TribLIVE

| Neighborhoods


 
Larger text Larger text Smaller text Smaller text | Order Photo Reprints

Murrysville takes over road for $1.77M

By Daveen Rae Kurutz
Wednesday, Nov. 14, 2012, 8:53 p.m.
 

There were some bumps along the way, but Logan Ferry Road soon will be Murrysville's responsibility.

Murrysville Council unanimously agreed last week to accept responsibility for the 3.7 miles of Logan Ferry Road that stretch from the Plum line into the municipality. The state Department of Transportation will pay the municipality $1.77 million to take control of the road as of January.

The road will cost the municipality about $10,500 to maintain, said Chief Administrator Jim Morrison. In addition to annual maintenance, officials plan to re-asphalt the 2.5-mile section of the road south of Route 286 and repair and coat the 1.2-mile section north of Route 286. The municipality also will improve drainage along the road to help cut back on damage, said municipal engineer Joe Dietrick.

Officials have discussed taking control of the road in the past and delayed a decision on the proposal last month.

The municipality will own the portion of the road stretching from the Plum borough line to Plum Line Nursery.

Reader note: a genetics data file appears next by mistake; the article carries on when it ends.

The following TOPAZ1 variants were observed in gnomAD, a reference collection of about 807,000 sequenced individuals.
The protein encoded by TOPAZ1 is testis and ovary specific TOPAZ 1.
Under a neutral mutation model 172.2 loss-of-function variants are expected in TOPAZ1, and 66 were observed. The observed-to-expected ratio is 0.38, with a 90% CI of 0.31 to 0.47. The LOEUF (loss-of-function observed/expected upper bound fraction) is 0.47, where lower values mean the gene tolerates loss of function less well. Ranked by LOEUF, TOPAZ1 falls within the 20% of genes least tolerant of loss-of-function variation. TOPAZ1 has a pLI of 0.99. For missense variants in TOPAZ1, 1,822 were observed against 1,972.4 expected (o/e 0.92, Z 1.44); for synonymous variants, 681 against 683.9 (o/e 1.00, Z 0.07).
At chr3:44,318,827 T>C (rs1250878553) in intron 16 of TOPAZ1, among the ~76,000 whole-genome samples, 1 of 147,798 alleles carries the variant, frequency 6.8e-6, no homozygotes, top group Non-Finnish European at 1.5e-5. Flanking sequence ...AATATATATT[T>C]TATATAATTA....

Councilman Dave Perry said the improvements Dietrick and Morrison outlined will make the condition of the road vastly different than other portions of it.

“It's a D-level road outside of the municipality,” Perry said. “It will be like a superhighway in Murrysville but not so great outside.”

About 1,200 homes — nearly one-fifth of all the homes in the municipality — are within a quarter mile of the road, Morrison said. About 2,600 vehicles travel the road daily.

Councilman Bill Vance said the municipality must step in if officials want the road to improve.

“The only way that road would see improvement is Murrysville doing it,” Vance said.

Council President Joan Kearns agreed. She cautioned that if Marcellus shale drilling does begin in Murrysville, it likely would be in a portion of the municipality that is served by the road.

“A lot of people are living on a road that is substandard,” Kearns said. “We need to bite the bullet, put our hand out and take the $1.77 million and get the job done.”

Dietrick said work could begin on Logan Ferry Road as early as June.

Daveen Rae Kurutz is a staff writer for Trib Total Media. She can be reached at 412-856-7400, ext. 8627, or dkurutz@tribweb.com.

 

 
 


Show commenting policy

Most-Read Stories

  1. Ferrante prosecutor’s opening statement details Google searches
  2. Student arrested at Shaler High School in roundup of 35 Allegheny County drug dealers
  3. Public’s help sought in identifying male remains found in Pittsburgh
  4. New movie studio coming to McKees Rocks
  5. Woman taken into custody for fatal stabbing of male companion in Duquesne
  6. Ex-judge in Philadelphia charged with bribery, conspiracy in sting case
  7. World’s 1st carbon capture power plant switches on in Canada
  8. Steelers’ defense on pace for fewest sacks in 16-game season
  9. Starkey: Century mark beckons for Ben
  10. Cops: Washington County military surplus store sold stolen items
  11. Corbett rips Wolf tax proposals during Hempfield campaign stop
Subscribe today! Click here for our subscription offers.